The ongoing rebellion in Syria, where a popular uprising and a ruthless dictator have given rise to more than 20,000 deaths — often brutal killings of innocent people — is also wreaking irretrievable damage on Syria’s rich archaeological heritage.
Along with chasing a quarter-million refugees from the country and more than a million others from their homes, the Assad regime’s no-holds-barred shelling of any place thought to be a rebel hideout has left bulletholes in the walls of ancient Roman cities, roughed up Crusader fortresses, and left Byzantine church sites in shambles. All six of Syria’s UNESCO world heritage sites have been damaged in the fighting.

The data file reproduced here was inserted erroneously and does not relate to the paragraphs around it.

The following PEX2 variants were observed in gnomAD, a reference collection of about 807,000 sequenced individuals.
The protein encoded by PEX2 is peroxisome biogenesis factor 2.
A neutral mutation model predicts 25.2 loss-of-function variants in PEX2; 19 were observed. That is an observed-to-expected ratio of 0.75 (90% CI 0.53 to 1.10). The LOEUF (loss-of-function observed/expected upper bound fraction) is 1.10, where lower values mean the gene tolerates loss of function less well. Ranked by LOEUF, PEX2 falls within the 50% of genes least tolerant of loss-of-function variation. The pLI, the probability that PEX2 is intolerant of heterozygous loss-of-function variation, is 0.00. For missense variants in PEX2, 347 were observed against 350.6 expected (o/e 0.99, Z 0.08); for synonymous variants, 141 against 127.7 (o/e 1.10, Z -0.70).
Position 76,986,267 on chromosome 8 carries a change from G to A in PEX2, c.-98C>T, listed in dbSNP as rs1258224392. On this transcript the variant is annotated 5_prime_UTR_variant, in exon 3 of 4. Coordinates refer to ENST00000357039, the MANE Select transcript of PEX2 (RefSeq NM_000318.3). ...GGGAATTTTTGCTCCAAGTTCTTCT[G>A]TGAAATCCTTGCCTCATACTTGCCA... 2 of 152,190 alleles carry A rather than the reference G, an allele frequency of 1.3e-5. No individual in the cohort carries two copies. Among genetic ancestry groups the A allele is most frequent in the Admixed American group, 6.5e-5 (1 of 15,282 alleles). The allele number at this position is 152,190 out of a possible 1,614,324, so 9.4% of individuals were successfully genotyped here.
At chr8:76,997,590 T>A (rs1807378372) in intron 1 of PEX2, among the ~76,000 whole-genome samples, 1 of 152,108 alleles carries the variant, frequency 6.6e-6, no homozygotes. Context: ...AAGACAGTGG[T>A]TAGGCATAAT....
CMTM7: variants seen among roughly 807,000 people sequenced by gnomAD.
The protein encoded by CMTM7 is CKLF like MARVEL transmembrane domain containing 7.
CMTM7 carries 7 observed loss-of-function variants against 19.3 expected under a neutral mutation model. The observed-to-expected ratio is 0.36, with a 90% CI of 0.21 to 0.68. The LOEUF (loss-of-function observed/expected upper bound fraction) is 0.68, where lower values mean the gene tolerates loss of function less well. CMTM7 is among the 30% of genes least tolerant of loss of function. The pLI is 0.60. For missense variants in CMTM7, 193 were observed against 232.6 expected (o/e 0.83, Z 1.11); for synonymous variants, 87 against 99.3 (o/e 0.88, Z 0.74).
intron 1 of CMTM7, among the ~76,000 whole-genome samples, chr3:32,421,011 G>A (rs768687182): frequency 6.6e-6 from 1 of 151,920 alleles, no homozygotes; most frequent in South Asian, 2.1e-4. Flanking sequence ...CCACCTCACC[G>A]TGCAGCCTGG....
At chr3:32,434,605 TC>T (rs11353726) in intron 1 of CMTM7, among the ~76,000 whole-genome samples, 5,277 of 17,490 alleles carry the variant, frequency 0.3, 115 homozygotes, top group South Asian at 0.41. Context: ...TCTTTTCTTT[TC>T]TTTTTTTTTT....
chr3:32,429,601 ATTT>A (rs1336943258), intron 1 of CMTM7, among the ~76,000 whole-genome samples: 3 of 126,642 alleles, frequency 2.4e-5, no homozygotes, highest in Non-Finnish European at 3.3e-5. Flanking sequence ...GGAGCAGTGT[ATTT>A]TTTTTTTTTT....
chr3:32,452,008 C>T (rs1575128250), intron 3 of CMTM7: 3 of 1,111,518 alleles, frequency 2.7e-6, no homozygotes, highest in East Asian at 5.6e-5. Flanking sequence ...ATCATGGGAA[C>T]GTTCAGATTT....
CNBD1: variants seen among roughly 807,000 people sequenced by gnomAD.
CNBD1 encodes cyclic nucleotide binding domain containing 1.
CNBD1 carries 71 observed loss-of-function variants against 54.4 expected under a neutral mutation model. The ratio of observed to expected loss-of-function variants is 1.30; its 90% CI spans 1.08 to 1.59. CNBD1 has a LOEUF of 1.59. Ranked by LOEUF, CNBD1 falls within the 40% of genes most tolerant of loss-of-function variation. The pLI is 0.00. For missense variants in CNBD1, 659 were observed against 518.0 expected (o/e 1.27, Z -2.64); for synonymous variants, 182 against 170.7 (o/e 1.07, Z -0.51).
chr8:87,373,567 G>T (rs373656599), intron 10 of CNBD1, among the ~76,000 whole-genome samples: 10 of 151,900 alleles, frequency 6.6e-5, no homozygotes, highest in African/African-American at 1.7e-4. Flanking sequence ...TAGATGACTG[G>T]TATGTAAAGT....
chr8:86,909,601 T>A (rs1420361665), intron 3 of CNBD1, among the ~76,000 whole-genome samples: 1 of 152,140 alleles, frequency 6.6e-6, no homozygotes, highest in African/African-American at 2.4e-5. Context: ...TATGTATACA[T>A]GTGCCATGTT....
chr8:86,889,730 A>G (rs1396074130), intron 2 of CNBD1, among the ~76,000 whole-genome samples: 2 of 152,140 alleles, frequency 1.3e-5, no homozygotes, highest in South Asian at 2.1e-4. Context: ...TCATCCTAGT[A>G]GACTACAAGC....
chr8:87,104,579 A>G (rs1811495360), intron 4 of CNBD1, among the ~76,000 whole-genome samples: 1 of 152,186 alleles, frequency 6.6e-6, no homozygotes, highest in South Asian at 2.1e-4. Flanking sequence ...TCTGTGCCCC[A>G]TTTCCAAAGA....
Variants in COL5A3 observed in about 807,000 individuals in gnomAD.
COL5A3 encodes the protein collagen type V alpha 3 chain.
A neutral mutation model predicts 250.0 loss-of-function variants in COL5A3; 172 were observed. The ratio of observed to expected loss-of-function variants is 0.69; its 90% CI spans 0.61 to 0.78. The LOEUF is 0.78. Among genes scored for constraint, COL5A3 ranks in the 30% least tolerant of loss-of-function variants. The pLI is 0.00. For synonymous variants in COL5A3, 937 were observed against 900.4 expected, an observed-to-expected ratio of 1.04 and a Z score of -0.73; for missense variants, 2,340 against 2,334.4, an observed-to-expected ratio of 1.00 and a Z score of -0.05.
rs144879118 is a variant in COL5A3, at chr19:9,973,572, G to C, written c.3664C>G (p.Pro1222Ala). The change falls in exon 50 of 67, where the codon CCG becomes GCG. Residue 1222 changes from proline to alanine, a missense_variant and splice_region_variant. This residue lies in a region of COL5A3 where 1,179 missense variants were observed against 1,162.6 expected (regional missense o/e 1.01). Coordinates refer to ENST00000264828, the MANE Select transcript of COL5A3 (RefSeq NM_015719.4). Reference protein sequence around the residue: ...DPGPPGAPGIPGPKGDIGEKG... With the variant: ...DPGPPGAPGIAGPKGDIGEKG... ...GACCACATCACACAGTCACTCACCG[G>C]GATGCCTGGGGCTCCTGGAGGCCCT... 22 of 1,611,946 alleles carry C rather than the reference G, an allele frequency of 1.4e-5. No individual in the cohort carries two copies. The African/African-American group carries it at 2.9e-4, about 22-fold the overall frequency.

Meanwhile, rebels are financing their campaign, in part, by looting museums and pillaging archaeological sites, stealing priceless treasures and trading them with established smugglers for guns. Antiquities dealers and collectors with a sad lack of ethics, combined with smugglers who care nothing for law on any level, are turning Syria’s ancient sites into wastelands of rubble.
While the human toll of the war threatens Syria’s present and future, the ransacking of its irreplacable archaeological sites is threatening both its past and its future: tourism to Syria’s heritage sites has been a large part of the economy, and could be again — if anything is left when and if peace prevails.
With so many things in the headlines: the presidential campaign, the economy, mean-spirited videos that spawn deadly riots, it’s easy to forget a long-running story in which the violence just keeps on going.
But if you’re a person of prayer, please voice a concern for the people who are losing both their lives and their heritage in Syria.